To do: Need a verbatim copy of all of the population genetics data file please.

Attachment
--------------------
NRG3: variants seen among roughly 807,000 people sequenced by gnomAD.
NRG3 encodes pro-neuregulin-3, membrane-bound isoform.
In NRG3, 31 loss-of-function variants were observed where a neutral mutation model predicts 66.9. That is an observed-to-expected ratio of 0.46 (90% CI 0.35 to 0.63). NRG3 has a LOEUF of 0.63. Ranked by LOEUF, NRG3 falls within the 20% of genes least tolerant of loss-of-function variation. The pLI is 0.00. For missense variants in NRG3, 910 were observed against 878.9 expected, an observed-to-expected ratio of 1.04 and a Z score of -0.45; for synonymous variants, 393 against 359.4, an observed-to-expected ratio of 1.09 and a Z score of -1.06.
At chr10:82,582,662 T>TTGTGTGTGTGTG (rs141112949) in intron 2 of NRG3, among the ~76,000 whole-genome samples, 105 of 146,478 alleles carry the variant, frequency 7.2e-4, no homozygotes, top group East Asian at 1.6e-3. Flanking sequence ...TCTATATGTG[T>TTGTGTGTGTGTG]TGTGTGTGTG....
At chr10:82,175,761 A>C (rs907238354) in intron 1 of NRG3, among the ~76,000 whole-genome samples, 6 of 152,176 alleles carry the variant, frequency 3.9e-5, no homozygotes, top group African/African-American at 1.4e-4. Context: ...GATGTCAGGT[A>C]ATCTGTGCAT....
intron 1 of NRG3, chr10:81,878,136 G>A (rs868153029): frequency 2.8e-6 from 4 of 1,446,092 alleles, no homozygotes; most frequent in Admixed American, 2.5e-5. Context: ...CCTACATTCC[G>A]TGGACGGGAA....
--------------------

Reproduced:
NRG3: variants seen among roughly 807,000 people sequenced by gnomAD.
NRG3 encodes pro-neuregulin-3, membrane-bound isoform.
In NRG3, 31 loss-of-function variants were observed where a neutral mutation model predicts 66.9. That is an observed-to-expected ratio of 0.46 (90% CI 0.35 to 0.63). NRG3 has a LOEUF of 0.63. Ranked by LOEUF, NRG3 falls within the 20% of genes least tolerant of loss-of-function variation. The pLI is 0.00. For missense variants in NRG3, 910 were observed against 878.9 expected, an observed-to-expected ratio of 1.04 and a Z score of -0.45; for synonymous variants, 393 against 359.4, an observed-to-expected ratio of 1.09 and a Z score of -1.06.
At chr10:82,582,662 T>TTGTGTGTGTGTG (rs141112949) in intron 2 of NRG3, among the ~76,000 whole-genome samples, 105 of 146,478 alleles carry the variant, frequency 7.2e-4, no homozygotes, top group East Asian at 1.6e-3. Flanking sequence ...TCTATATGTG[T>TTGTGTGTGTGTG]TGTGTGTGTG....
At chr10:82,175,761 A>C (rs907238354) in intron 1 of NRG3, among the ~76,000 whole-genome samples, 6 of 152,176 alleles carry the variant, frequency 3.9e-5, no homozygotes, top group African/African-American at 1.4e-4. Context: ...GATGTCAGGT[A>C]ATCTGTGCAT....
intron 1 of NRG3, chr10:81,878,136 G>A (rs868153029): frequency 2.8e-6 from 4 of 1,446,092 alleles, no homozygotes; most frequent in Admixed American, 2.5e-5. Context: ...CCTACATTCC[G>A]TGGACGGGAA....